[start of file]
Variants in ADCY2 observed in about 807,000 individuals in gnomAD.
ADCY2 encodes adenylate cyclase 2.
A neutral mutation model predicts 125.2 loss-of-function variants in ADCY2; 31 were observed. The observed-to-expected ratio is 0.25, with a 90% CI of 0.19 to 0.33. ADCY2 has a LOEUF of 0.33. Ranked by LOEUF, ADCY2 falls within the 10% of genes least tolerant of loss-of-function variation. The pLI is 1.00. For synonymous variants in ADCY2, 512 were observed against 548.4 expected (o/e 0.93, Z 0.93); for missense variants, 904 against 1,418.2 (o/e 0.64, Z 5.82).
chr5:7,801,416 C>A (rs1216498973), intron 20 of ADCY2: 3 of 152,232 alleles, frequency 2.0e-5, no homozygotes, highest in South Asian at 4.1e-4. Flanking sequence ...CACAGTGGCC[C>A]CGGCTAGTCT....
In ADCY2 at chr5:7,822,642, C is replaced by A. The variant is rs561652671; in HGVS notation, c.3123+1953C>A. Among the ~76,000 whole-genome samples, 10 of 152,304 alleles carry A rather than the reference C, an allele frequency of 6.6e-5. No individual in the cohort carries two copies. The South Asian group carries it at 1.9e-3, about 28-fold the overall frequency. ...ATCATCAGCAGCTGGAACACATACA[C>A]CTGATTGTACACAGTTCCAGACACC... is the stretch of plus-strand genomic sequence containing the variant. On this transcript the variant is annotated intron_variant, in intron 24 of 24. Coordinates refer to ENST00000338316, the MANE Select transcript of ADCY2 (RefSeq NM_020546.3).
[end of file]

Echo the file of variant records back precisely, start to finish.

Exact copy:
Variants in ADCY2 observed in about 807,000 individuals in gnomAD.
ADCY2 encodes adenylate cyclase 2.
A neutral mutation model predicts 125.2 loss-of-function variants in ADCY2; 31 were observed. The observed-to-expected ratio is 0.25, with a 90% CI of 0.19 to 0.33. ADCY2 has a LOEUF of 0.33. Ranked by LOEUF, ADCY2 falls within the 10% of genes least tolerant of loss-of-function variation. The pLI is 1.00. For synonymous variants in ADCY2, 512 were observed against 548.4 expected (o/e 0.93, Z 0.93); for missense variants, 904 against 1,418.2 (o/e 0.64, Z 5.82).
chr5:7,801,416 C>A (rs1216498973), intron 20 of ADCY2: 3 of 152,232 alleles, frequency 2.0e-5, no homozygotes, highest in South Asian at 4.1e-4. Flanking sequence ...CACAGTGGCC[C>A]CGGCTAGTCT....
In ADCY2 at chr5:7,822,642, C is replaced by A. The variant is rs561652671; in HGVS notation, c.3123+1953C>A. Among the ~76,000 whole-genome samples, 10 of 152,304 alleles carry A rather than the reference C, an allele frequency of 6.6e-5. No individual in the cohort carries two copies. The South Asian group carries it at 1.9e-3, about 28-fold the overall frequency. ...ATCATCAGCAGCTGGAACACATACA[C>A]CTGATTGTACACAGTTCCAGACACC... is the stretch of plus-strand genomic sequence containing the variant. On this transcript the variant is annotated intron_variant, in intron 24 of 24. Coordinates refer to ENST00000338316, the MANE Select transcript of ADCY2 (RefSeq NM_020546.3).